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Whenever a baseball player changes teams there tends to be excitement. A new team and new scenery could benefit a player in multiple ways including on-field performance. Yusei Kikuchi recently signed a three-year deal with the Toronto Blue Jays for $36 million dollars. 

Since the move, there have been a lot of Kikuchi lovers coming to the surface. Trust me, I get it. I was someone touting him coming into the 2021 season with his velocity increase. As someone who had several shares, I was able to pay attention to Kikuchi closely and I’m afraid to get back in for a few reasons. 

A New Division

Let’s start with his new home in Toronto. According to Statcast Park Factors Kikuchi is moving from the second-best park for pitchers to the fifth-best. It isn’t a crazy shift in terms of ballpark factors but I will say this, the sample size of Toronto’s stadium is very small from last season. 

They mainly played in Buffalo last season so the numbers for that stadium could be skewed. They did install humidors and that will certainly help but I wouldn’t be surprised to see Rogers Centre move closer towards league average. In 2019 it was the 13th best ballpark for hitters, and while a humidor will help, I can’t imagine a drastic shift towards becoming a pitchers park.

Next, we have to think about the division change. Kikuchi leaves behind a division that included the Angels, Astros, Athletics, and Rangers. Putting aside the lack of offense these teams had last season (besides the Astros) this means Kikuchi mainly pitched in three parks that are all top ten parks for pitchers.

Kikuchi is moving to the AL East, a division that not only has more hitter ballparks but also much stiffer competition. 

He now shifts to a division that includes the Yankees, the Red Sox, the Orioles, and the Tampa Bay Rays. This means he is facing four offenses who were top 10 in wRC+ last season. In addition to increased offense competition, two of these ballparks are top five-hitter parks. 

Velocity

We can’t discuss Yusei Kikuchi without discussing velocity. Kikuchi made a huge change from 2019 to 2020 by increasing his fastball velocity from 92.5 MPH to 95.0 MPH. A massive change that excited most of us. The big question was, could he keep that velocity change in 2021?

It certainly looked like it would stick to start the season, but games remaining on the schedule decreased so did his velocity. 

April: 94.8 MPH

May: 96.1 MPH

June: 96.0 MPH

July: 95.3 MPH

August: 94.6 MPH

September: 94.2 MPH

Not exactly what you want to see. Velocity is tricky and even just half of a tick down could change things. Sometimes pitchers do get fatigued but what’s key is how do they perform when that happens?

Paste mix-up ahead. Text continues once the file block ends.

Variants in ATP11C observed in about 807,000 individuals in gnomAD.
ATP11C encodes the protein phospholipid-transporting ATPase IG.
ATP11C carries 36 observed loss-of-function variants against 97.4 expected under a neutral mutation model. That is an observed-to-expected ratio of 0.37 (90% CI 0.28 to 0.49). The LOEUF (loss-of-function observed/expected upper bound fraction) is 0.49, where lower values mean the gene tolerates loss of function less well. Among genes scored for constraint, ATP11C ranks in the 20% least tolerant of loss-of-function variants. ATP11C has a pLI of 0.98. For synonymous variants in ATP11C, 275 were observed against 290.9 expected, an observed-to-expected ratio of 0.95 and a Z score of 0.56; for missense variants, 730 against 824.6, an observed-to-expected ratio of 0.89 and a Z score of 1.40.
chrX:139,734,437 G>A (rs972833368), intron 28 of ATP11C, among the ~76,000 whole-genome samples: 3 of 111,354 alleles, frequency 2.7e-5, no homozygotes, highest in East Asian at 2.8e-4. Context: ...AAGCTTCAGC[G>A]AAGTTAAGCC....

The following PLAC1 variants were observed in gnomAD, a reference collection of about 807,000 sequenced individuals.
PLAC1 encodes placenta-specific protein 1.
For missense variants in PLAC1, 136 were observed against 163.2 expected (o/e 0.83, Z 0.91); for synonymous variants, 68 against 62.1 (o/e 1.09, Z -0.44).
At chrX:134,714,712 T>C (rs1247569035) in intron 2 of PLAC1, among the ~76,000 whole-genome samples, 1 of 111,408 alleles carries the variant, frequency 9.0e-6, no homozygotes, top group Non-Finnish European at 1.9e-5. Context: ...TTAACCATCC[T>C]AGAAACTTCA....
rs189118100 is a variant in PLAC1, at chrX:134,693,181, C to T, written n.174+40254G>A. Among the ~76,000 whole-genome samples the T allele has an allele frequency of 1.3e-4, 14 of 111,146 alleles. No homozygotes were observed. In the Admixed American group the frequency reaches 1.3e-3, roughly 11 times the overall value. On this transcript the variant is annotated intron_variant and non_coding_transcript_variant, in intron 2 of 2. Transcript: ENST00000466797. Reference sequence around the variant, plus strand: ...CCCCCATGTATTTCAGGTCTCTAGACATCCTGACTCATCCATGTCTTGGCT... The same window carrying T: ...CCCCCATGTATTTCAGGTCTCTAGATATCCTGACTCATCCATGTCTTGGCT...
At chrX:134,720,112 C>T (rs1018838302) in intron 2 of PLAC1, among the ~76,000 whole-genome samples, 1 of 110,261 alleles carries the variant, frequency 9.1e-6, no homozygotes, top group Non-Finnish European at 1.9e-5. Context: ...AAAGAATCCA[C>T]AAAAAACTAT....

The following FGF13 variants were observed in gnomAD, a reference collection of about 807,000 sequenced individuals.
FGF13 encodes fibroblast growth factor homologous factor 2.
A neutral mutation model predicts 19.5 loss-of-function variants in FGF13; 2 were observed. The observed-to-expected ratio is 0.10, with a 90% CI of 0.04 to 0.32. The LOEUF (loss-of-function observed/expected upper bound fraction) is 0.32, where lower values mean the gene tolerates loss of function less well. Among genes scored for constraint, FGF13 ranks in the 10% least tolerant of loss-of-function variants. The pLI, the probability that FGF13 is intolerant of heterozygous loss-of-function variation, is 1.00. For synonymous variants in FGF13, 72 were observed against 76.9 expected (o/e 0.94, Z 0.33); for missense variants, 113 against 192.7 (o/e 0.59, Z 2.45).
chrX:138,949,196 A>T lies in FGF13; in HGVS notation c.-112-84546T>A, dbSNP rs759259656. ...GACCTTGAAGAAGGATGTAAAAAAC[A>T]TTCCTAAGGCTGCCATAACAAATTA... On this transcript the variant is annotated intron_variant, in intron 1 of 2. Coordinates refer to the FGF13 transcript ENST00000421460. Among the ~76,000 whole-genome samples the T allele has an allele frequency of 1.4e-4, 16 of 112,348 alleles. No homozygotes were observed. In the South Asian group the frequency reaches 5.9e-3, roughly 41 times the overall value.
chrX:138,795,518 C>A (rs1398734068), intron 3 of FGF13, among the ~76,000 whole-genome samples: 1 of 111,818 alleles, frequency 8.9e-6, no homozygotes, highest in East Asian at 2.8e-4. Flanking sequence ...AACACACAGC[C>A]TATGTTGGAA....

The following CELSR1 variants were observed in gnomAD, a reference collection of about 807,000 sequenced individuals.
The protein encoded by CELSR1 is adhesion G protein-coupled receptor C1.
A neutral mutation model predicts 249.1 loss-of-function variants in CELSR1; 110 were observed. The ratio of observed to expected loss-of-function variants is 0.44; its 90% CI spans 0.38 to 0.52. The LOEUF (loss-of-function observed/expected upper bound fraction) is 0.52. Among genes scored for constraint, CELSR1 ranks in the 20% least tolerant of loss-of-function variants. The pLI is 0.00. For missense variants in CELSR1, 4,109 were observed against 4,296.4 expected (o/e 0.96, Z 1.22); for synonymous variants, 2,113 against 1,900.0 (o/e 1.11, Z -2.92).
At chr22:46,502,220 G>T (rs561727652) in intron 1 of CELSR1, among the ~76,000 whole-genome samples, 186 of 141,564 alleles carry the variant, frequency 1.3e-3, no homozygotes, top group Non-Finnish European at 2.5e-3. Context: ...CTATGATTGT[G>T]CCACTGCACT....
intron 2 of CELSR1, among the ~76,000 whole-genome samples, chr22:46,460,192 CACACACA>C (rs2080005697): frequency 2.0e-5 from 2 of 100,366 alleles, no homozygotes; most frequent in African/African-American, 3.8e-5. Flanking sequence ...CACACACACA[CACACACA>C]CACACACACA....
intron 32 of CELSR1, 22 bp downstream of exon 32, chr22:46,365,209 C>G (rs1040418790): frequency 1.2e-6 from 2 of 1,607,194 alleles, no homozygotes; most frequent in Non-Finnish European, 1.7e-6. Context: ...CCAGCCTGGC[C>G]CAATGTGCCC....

Half Fastball Velocity wOBAcon Barrel% SwStr% ERA FIP K-BB%
First Half 95.6 MPH 0.315 7.2% 14.2% 3.48 4.36 16.3%
Second Half 94.7 MPH 0.462 13.1% 12.6% 5.98 5.03 13.5%

 

For Kikuchi it makes a big difference in terms of performance. He shifts from a league-average pitcher to one who is barely rosterable. This seems like clear fatigue to me which in itself is a bit worrisome since he only pitched 157.0 innings last season. 

A side note: out of curiosity, I decided to check his Japan stats to see how many innings he typically pitched in a season overseas. Besides one season where he threw 187.2 innings, he averaged about 150 innings. 

In an article from Spokesman.com written by Ryan Divish back in February of 2020, he discusses what Kikuchi was trying to achieve going into the 2020 season. His main focus was velocity because in his rookie season he averaged anywhere from 89 MPH to 94 MPH. In this article, Kikuchi himself admits he gets fatigued from the long MLB season. 

“The first thing I felt is that the season is very long,” Kikuchi said through new interpreter Kevin Ando. “I needed to put up good numbers for the season and that was hard for me. Pitching every five days was different. It took a toll on my body and I felt tired. Obviously, my velocity wasn’t as good as it was when I was in Japan.”

In Japan, they didn’t pitch every five days and this is why the Mariners started to use a six-man rotation. The length of the MLB season and pitching every five days threw off Kikuchi’s mechanics resulting in erratic velocity.

We saw this again in 2021 and I’m not sure the Blue Jays roll out a six-man rotation. They do have pitchers to do it and maybe down the road they will but even if so it didn’t help Kikuchi last season so why would it now? 

Moving Forward

Yusei Kikuchi certainly has some potential, he has shown flashes of elite-level pitching. His slider and changeup have a lot of whiff potential and he uses his four-seam well. 

The question we have to ask is, what are the possible outcomes for Kikuchi? Can he break out by keeping his velocity up and using his breaking balls more? Sure. Can he also continue on the same track and post a league-average ERA with only 150 innings pitched making him nothing but a streamer? Sure again. 

Which is more likely? A starting pitcher who has been nothing but average with velocity issues is moving to a tougher division kind of answers the question itself. Until Kikuchi can show sustainability with velocity and mechanics it’s too hard to buy into him. 

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Michael Simione

Michael Simione

Michael Simione is the owner of SPStreamer.com. He started the blog based on a Twitter account he created back in 2018. He specializes in pitching as well as streaming pitchers. He most importantly is a die-hard Mets fan.

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